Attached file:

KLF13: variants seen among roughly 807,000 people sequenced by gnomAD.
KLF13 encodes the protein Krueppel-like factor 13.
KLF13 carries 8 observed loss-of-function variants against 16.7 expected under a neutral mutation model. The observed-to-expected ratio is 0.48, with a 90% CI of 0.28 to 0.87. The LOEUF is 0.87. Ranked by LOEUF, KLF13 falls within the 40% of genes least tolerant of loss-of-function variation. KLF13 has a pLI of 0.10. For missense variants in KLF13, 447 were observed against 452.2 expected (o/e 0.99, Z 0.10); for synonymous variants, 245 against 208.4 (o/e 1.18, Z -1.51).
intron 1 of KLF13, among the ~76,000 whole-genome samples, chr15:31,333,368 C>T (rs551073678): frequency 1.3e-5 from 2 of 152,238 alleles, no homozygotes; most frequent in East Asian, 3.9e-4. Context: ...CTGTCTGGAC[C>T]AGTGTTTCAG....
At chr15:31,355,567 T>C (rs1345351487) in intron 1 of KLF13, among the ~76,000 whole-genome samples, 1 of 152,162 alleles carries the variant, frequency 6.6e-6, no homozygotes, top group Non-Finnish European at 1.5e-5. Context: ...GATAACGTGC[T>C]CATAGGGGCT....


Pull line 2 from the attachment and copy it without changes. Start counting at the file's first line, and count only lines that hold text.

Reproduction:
KLF13 encodes the protein Krueppel-like factor 13.